Probing a "Sea" of Quarks
Scientists who conducted the Department of Energy's Thomas Jefferson National Accelerator Facility (Jefferson Lab) Hall A Proton Parity Experiment, or HAPPEX, believe they may have at least a partial answer for an outstanding question in nuclear physics: Where does a proton's spin come from? Syracuse University professor of Physics Paul Souder, a primary HAPPEX architect and co-spokesman for the international HAPPEX science team, will present results of the first round of HAPPEX experiments during a poster session at the American Physical Society's Centennial Meeting in Atlanta on March 21 - 26, 1999.
"We were able to rule out the more exotic measurements of the contributions of the strange-quark content of the proton," says HAPPEX co-spokesman and Williams and Mary physics professor John Michael Finn. "We have plans for future measurements to look at other nuclei. The eventual goal is to map the strength, the flavor currents in the nucleus: how much up, down and strange quarks contribute to the nucleon's structure."
A proton's "spin" displays an intrinsic property known as angular momentum. The momentum is defined as having a certain magnitude, as well as a directional movement within space. Spin is responsible for the magnetic field a proton generates (a property that has led to the creation of technologies as Magnetic Resonance Imaging, or MRI). But deep inelastic scattering measurements indicate that the net spin is not carried solely by the proton's three basic "valence" quarks (the two lightest quarks, known as "up" and "down"). SO where is it? Could it be due to the strange quark sea?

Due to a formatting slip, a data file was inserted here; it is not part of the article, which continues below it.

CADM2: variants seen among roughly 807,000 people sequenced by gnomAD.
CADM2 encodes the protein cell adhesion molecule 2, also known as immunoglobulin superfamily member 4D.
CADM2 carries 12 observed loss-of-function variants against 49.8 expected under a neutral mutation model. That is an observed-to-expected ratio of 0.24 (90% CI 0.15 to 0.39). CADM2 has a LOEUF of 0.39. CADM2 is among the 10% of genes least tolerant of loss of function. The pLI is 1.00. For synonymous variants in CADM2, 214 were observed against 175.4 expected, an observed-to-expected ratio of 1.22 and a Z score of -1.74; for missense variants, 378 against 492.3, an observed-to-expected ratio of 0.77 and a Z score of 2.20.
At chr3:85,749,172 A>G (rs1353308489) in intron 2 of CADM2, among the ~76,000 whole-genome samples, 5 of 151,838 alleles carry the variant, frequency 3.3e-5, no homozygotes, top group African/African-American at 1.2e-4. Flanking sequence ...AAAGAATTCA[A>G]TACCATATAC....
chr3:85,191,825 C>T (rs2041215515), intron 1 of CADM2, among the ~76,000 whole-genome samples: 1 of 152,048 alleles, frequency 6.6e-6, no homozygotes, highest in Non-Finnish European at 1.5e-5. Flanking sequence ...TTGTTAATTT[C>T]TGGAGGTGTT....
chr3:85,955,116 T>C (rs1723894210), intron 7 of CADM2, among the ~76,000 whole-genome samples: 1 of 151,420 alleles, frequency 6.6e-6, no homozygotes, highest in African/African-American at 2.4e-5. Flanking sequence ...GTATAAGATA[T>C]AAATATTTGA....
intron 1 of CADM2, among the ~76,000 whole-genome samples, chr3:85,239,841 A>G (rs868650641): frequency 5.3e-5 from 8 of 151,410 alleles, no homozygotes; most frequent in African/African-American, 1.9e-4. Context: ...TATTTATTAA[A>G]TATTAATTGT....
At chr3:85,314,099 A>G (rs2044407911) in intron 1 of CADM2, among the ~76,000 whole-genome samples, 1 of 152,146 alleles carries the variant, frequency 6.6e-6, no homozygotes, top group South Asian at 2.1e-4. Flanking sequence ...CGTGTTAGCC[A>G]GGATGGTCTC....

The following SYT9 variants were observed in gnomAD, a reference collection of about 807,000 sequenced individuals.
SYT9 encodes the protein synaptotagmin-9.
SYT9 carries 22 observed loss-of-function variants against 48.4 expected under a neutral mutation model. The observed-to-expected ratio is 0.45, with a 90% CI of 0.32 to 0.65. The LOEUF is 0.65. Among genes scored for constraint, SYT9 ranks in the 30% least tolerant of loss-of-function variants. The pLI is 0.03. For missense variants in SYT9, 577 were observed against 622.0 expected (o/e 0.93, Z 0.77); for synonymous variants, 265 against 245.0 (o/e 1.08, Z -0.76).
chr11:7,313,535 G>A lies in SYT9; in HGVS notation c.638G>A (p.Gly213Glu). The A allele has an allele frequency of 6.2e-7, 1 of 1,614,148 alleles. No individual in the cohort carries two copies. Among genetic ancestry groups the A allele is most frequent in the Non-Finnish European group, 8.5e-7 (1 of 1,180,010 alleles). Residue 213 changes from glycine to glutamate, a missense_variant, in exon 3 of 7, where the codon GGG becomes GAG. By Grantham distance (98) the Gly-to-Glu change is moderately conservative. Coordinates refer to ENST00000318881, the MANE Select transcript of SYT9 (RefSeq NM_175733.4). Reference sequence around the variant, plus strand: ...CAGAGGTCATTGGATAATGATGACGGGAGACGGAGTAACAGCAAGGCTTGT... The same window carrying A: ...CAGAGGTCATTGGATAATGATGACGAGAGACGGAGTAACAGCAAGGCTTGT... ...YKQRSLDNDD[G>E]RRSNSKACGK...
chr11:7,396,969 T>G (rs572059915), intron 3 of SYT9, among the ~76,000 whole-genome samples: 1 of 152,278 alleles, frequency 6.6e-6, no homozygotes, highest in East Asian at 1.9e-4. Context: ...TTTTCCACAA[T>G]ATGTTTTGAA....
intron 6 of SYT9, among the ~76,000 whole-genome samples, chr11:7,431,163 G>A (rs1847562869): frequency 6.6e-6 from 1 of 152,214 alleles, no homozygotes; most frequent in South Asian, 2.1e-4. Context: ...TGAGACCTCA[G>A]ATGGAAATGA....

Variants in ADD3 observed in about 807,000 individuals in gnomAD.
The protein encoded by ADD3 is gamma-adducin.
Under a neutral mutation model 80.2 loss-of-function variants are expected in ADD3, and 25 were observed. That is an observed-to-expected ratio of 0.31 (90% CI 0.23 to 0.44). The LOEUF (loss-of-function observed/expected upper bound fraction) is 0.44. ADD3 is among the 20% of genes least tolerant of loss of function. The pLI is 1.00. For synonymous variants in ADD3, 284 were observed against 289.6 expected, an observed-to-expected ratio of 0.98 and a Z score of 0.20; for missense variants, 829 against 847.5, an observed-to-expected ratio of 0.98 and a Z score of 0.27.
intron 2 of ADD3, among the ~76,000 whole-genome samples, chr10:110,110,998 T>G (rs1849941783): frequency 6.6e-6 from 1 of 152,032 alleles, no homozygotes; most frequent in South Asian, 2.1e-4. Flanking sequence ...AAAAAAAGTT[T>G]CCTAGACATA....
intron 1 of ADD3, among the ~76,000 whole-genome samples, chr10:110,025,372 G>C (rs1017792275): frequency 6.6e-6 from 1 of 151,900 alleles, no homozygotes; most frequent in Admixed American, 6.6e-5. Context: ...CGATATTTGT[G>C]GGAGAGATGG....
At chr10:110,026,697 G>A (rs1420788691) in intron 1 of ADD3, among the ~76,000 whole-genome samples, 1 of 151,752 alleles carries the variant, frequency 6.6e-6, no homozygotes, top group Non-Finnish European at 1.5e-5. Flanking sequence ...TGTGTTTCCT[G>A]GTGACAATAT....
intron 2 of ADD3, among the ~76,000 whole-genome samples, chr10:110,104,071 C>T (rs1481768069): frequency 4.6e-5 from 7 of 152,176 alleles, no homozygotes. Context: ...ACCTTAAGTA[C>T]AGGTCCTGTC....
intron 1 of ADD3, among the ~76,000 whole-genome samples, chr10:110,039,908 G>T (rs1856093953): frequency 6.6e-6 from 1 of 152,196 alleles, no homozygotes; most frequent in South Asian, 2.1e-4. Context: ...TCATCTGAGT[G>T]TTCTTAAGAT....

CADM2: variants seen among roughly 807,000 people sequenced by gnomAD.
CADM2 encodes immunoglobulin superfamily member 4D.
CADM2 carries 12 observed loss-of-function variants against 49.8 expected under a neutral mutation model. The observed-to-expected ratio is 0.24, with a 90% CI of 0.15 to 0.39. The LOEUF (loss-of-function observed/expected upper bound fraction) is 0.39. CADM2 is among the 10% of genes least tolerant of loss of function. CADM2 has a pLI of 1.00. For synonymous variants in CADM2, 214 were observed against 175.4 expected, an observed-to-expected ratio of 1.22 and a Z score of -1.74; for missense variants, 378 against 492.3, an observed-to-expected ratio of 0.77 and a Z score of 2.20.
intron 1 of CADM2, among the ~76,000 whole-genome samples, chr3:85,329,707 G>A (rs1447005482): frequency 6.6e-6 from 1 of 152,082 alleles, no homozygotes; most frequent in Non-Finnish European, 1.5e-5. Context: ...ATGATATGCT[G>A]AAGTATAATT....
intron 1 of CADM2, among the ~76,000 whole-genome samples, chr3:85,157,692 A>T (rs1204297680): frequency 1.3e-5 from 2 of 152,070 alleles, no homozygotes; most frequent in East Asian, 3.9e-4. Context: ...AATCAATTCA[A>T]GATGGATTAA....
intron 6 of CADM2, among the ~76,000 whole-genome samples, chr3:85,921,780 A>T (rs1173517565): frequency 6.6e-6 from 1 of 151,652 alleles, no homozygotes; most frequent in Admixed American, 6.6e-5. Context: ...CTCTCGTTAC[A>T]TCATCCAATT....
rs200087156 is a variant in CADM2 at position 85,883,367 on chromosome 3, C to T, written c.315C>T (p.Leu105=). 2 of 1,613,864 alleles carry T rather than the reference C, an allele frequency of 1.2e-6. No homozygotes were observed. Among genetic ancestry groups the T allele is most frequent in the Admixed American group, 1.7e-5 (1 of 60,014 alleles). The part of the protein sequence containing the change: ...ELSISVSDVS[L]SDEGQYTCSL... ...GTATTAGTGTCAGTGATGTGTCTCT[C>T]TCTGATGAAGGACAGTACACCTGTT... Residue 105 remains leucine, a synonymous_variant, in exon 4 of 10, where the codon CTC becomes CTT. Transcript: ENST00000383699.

To find out, the HAPPEX team made use of a subtle property of subatomic forces. Most forces in nature act the same way in our world as in a mirror world, where right-handedness is transformed to left-handedness. The subatomic force known as the weak interaction does not obey this symmetry principle, which is called parity. HAPPEX made use of the parity violation to probe the way in which different flavors of quarks assemble themselves into the protons and neutrons that comprise the atomic nucleus.
In particular, HAPPEX was sensitive to matter/antimatter pairs of strange quarks that spontaneously appear and disappear within the nucleus. These "sea" quarks exist in addition to the three valence quarks that are the basic components from which protons and neutrons are assembled.